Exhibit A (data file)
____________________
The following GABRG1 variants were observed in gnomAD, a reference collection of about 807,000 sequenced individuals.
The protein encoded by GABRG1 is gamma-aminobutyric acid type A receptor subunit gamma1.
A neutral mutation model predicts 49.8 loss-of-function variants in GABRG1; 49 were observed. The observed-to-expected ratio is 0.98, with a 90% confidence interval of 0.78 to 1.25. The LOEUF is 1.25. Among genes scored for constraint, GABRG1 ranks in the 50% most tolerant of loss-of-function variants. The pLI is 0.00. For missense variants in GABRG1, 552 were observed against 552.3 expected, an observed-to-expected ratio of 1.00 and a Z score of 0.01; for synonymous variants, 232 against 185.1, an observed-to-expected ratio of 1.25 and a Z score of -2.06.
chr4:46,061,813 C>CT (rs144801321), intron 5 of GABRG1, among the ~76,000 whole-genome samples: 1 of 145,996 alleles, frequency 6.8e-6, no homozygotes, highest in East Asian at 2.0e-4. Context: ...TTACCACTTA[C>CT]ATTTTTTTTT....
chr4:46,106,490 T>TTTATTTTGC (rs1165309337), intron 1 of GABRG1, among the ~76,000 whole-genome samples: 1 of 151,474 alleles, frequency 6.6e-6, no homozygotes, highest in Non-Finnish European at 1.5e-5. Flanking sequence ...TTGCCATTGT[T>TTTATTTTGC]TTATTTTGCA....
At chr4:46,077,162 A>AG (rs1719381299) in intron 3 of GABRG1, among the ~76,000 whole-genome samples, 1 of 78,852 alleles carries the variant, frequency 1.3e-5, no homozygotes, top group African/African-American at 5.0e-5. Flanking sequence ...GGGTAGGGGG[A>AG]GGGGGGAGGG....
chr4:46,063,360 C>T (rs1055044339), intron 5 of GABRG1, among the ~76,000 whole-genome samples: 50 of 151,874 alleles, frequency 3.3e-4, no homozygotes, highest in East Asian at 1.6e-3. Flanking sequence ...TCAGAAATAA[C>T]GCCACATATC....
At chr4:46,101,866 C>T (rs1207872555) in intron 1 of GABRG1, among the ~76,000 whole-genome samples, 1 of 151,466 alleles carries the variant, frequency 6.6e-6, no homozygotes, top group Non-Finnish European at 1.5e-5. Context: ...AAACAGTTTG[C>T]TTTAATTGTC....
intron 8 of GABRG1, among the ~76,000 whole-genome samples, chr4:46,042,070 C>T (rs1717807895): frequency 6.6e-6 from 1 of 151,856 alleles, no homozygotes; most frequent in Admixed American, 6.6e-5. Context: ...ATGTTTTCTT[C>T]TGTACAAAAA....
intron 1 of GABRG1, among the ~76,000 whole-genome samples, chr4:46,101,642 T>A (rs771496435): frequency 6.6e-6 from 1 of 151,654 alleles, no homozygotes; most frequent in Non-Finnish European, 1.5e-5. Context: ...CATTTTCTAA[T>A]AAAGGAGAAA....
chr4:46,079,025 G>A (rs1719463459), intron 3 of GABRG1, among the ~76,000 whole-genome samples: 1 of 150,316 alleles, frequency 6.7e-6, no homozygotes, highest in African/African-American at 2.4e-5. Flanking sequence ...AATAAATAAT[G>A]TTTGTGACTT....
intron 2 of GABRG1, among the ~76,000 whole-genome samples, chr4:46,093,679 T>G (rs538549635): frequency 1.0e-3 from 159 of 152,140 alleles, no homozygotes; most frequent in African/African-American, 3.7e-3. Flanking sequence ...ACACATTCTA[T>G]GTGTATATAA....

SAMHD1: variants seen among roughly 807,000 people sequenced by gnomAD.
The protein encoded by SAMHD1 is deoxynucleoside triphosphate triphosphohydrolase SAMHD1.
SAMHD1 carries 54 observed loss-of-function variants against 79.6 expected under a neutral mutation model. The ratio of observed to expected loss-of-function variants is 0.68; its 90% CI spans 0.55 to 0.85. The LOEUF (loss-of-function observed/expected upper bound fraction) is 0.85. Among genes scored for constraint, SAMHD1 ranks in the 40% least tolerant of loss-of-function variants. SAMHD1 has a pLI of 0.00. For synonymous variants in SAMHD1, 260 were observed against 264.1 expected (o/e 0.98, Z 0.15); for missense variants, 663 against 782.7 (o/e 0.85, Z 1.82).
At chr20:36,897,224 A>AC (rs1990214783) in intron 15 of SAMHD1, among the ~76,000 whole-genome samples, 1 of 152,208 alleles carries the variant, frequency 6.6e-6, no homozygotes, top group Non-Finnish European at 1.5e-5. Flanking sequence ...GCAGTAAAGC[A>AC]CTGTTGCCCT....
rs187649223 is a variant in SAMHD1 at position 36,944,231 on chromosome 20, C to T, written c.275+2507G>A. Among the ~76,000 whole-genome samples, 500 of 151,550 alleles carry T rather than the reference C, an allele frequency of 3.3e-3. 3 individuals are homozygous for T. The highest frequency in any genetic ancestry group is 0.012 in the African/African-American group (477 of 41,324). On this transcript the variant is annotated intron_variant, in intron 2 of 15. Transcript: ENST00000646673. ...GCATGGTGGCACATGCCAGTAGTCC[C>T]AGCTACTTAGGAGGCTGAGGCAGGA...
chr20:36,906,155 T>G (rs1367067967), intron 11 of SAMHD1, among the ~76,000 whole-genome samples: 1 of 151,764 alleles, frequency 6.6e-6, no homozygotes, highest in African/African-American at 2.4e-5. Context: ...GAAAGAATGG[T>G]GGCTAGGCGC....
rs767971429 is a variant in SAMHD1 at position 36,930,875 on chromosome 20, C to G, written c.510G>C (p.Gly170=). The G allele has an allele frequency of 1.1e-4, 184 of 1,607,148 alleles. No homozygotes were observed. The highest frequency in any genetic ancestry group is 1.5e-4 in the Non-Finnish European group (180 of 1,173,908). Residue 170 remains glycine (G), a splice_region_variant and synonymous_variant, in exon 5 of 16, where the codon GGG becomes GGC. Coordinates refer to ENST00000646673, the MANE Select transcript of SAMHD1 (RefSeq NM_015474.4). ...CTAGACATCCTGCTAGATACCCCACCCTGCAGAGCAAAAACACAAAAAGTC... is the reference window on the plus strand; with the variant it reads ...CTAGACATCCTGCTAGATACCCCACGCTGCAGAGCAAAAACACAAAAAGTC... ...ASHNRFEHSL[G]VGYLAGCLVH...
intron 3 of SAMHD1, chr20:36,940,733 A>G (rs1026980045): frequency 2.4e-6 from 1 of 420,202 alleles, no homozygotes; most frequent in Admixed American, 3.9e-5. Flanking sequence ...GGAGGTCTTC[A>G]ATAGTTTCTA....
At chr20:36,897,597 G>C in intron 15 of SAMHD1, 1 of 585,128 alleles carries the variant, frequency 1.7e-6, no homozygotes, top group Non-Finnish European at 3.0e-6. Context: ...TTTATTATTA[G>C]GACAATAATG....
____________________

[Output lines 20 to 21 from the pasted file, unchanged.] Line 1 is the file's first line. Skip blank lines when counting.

intron 3 of SAMHD1, chr20:36,940,733 A>G (rs1026980045): frequency 2.4e-6 from 1 of 420,202 alleles, no homozygotes; most frequent in Admixed American, 3.9e-5. Flanking sequence ...GGAGGTCTTC[A>G]ATAGTTTCTA....
At chr20:36,897,597 G>C in intron 15 of SAMHD1, 1 of 585,128 alleles carries the variant, frequency 1.7e-6, no homozygotes, top group Non-Finnish European at 3.0e-6. Context: ...TTTATTATTA[G>C]GACAATAATG....